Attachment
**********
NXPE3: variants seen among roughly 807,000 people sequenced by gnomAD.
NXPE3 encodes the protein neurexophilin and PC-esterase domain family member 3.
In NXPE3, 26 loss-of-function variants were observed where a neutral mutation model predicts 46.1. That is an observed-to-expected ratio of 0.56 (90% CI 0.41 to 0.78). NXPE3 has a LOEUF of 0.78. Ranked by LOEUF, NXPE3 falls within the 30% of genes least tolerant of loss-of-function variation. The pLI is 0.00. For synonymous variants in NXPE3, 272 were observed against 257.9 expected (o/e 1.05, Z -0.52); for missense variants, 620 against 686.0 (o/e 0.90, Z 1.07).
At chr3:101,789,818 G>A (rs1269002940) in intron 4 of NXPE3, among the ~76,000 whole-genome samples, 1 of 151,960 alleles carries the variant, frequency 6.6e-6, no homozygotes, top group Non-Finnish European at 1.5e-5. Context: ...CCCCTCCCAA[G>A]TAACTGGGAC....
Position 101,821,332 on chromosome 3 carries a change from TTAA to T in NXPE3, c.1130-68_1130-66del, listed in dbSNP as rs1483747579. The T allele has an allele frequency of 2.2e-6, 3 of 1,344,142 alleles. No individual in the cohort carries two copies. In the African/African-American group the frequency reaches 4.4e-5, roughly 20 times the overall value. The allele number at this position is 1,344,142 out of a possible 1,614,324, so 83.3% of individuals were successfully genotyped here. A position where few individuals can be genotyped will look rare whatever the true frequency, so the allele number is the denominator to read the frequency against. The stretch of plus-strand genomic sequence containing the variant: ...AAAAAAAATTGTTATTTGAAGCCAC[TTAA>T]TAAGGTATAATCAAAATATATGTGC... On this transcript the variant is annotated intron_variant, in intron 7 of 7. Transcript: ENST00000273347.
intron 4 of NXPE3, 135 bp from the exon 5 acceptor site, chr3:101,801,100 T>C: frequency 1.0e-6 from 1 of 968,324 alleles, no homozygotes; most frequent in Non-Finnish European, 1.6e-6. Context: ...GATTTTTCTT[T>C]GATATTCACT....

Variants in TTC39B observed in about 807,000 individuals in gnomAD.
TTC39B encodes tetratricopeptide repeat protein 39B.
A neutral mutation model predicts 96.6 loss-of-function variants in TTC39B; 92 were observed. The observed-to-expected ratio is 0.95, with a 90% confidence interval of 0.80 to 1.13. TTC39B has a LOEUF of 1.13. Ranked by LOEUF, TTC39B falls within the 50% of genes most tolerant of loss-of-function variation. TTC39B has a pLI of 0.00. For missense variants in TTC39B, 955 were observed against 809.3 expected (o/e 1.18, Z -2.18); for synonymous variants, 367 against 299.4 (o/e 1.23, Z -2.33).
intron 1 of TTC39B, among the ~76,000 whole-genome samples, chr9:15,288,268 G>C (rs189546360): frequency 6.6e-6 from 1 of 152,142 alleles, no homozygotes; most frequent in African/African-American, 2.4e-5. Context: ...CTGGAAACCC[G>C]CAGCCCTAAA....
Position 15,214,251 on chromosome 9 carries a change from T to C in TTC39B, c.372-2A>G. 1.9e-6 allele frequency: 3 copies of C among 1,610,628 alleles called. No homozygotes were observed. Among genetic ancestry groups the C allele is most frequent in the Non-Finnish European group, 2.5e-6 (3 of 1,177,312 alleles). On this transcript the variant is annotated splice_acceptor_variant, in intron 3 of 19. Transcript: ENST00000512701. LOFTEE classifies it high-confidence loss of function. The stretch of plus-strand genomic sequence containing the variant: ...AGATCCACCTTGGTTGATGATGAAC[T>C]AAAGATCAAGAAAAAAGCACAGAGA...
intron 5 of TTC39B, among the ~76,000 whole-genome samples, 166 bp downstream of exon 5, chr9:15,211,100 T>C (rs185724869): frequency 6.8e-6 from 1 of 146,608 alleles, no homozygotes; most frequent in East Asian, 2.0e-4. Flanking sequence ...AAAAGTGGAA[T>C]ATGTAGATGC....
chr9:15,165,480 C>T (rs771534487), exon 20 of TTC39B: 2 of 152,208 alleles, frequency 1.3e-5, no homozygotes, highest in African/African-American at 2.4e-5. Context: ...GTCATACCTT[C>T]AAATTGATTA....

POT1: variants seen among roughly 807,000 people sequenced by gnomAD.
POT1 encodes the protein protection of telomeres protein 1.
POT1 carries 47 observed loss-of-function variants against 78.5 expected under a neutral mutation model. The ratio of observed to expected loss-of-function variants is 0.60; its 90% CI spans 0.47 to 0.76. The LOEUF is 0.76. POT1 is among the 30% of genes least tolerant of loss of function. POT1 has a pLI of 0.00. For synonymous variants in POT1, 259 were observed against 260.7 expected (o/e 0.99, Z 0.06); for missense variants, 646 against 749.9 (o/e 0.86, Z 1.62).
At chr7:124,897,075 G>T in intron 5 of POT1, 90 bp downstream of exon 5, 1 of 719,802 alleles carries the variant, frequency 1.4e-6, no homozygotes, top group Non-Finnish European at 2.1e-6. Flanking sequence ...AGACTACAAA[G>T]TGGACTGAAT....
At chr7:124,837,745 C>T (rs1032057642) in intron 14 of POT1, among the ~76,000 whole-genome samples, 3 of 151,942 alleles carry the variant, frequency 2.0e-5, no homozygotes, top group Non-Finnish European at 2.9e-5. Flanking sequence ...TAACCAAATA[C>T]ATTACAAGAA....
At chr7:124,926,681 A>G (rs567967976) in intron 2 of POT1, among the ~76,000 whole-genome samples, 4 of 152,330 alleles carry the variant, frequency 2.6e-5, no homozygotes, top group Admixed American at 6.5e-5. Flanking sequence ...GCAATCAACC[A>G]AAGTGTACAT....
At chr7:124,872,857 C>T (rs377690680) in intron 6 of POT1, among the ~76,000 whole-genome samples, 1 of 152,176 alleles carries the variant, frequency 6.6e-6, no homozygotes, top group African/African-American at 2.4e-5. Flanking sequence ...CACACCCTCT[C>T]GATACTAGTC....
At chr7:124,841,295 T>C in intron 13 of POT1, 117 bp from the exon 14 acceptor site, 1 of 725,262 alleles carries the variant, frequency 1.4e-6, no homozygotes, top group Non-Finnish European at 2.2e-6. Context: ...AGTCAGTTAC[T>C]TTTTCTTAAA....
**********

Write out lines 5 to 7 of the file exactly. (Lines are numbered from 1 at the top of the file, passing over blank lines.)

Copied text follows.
Position 101,821,332 on chromosome 3 carries a change from TTAA to T in NXPE3, c.1130-68_1130-66del, listed in dbSNP as rs1483747579. The T allele has an allele frequency of 2.2e-6, 3 of 1,344,142 alleles. No individual in the cohort carries two copies. In the African/African-American group the frequency reaches 4.4e-5, roughly 20 times the overall value. The allele number at this position is 1,344,142 out of a possible 1,614,324, so 83.3% of individuals were successfully genotyped here. A position where few individuals can be genotyped will look rare whatever the true frequency, so the allele number is the denominator to read the frequency against. The stretch of plus-strand genomic sequence containing the variant: ...AAAAAAAATTGTTATTTGAAGCCAC[TTAA>T]TAAGGTATAATCAAAATATATGTGC... On this transcript the variant is annotated intron_variant, in intron 7 of 7. Transcript: ENST00000273347.
intron 4 of NXPE3, 135 bp from the exon 5 acceptor site, chr3:101,801,100 T>C: frequency 1.0e-6 from 1 of 968,324 alleles, no homozygotes; most frequent in Non-Finnish European, 1.6e-6. Context: ...GATTTTTCTT[T>C]GATATTCACT....

Variants in TTC39B observed in about 807,000 individuals in gnomAD.